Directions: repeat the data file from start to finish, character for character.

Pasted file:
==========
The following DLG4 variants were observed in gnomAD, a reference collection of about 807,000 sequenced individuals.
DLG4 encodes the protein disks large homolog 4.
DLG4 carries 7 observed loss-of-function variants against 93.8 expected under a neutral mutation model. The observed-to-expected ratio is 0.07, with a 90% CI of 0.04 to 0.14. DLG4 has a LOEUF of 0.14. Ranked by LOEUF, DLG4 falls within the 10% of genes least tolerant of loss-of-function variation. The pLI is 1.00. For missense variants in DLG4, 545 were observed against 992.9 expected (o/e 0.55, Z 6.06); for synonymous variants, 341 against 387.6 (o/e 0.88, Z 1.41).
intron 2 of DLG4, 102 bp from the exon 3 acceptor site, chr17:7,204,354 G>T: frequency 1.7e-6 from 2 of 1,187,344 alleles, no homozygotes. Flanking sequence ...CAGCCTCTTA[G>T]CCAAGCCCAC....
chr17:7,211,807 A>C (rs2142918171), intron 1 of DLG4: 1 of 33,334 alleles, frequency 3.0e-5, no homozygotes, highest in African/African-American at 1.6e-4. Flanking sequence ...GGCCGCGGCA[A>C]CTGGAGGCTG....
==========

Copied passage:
The following DLG4 variants were observed in gnomAD, a reference collection of about 807,000 sequenced individuals.
DLG4 encodes the protein disks large homolog 4.
DLG4 carries 7 observed loss-of-function variants against 93.8 expected under a neutral mutation model. The observed-to-expected ratio is 0.07, with a 90% CI of 0.04 to 0.14. DLG4 has a LOEUF of 0.14. Ranked by LOEUF, DLG4 falls within the 10% of genes least tolerant of loss-of-function variation. The pLI is 1.00. For missense variants in DLG4, 545 were observed against 992.9 expected (o/e 0.55, Z 6.06); for synonymous variants, 341 against 387.6 (o/e 0.88, Z 1.41).
intron 2 of DLG4, 102 bp from the exon 3 acceptor site, chr17:7,204,354 G>T: frequency 1.7e-6 from 2 of 1,187,344 alleles, no homozygotes. Flanking sequence ...CAGCCTCTTA[G>T]CCAAGCCCAC....
chr17:7,211,807 A>C (rs2142918171), intron 1 of DLG4: 1 of 33,334 alleles, frequency 3.0e-5, no homozygotes, highest in African/African-American at 1.6e-4. Flanking sequence ...GGCCGCGGCA[A>C]CTGGAGGCTG....